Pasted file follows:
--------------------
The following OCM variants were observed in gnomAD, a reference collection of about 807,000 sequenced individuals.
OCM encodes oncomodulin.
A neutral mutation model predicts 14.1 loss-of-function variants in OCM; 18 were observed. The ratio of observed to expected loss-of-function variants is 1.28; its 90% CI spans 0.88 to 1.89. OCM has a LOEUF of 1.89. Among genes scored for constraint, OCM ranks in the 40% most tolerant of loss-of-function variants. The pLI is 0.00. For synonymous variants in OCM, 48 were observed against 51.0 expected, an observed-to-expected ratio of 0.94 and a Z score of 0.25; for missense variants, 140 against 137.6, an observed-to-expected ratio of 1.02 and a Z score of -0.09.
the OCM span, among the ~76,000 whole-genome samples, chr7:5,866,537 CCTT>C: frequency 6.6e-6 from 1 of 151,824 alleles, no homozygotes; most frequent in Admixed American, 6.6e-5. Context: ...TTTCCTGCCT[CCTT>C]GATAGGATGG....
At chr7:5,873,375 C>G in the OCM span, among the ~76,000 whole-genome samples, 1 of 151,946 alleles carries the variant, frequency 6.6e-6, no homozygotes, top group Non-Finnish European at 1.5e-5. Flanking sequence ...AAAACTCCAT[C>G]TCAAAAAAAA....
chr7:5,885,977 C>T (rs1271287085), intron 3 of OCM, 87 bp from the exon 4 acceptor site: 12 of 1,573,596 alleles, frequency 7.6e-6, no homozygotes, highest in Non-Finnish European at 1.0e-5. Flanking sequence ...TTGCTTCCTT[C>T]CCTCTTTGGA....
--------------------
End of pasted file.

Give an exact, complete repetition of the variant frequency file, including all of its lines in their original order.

The following OCM variants were observed in gnomAD, a reference collection of about 807,000 sequenced individuals.
OCM encodes oncomodulin.
A neutral mutation model predicts 14.1 loss-of-function variants in OCM; 18 were observed. The ratio of observed to expected loss-of-function variants is 1.28; its 90% CI spans 0.88 to 1.89. OCM has a LOEUF of 1.89. Among genes scored for constraint, OCM ranks in the 40% most tolerant of loss-of-function variants. The pLI is 0.00. For synonymous variants in OCM, 48 were observed against 51.0 expected, an observed-to-expected ratio of 0.94 and a Z score of 0.25; for missense variants, 140 against 137.6, an observed-to-expected ratio of 1.02 and a Z score of -0.09.
the OCM span, among the ~76,000 whole-genome samples, chr7:5,866,537 CCTT>C: frequency 6.6e-6 from 1 of 151,824 alleles, no homozygotes; most frequent in Admixed American, 6.6e-5. Context: ...TTTCCTGCCT[CCTT>C]GATAGGATGG....
At chr7:5,873,375 C>G in the OCM span, among the ~76,000 whole-genome samples, 1 of 151,946 alleles carries the variant, frequency 6.6e-6, no homozygotes, top group Non-Finnish European at 1.5e-5. Flanking sequence ...AAAACTCCAT[C>G]TCAAAAAAAA....
chr7:5,885,977 C>T (rs1271287085), intron 3 of OCM, 87 bp from the exon 4 acceptor site: 12 of 1,573,596 alleles, frequency 7.6e-6, no homozygotes, highest in Non-Finnish European at 1.0e-5. Flanking sequence ...TTGCTTCCTT[C>T]CCTCTTTGGA....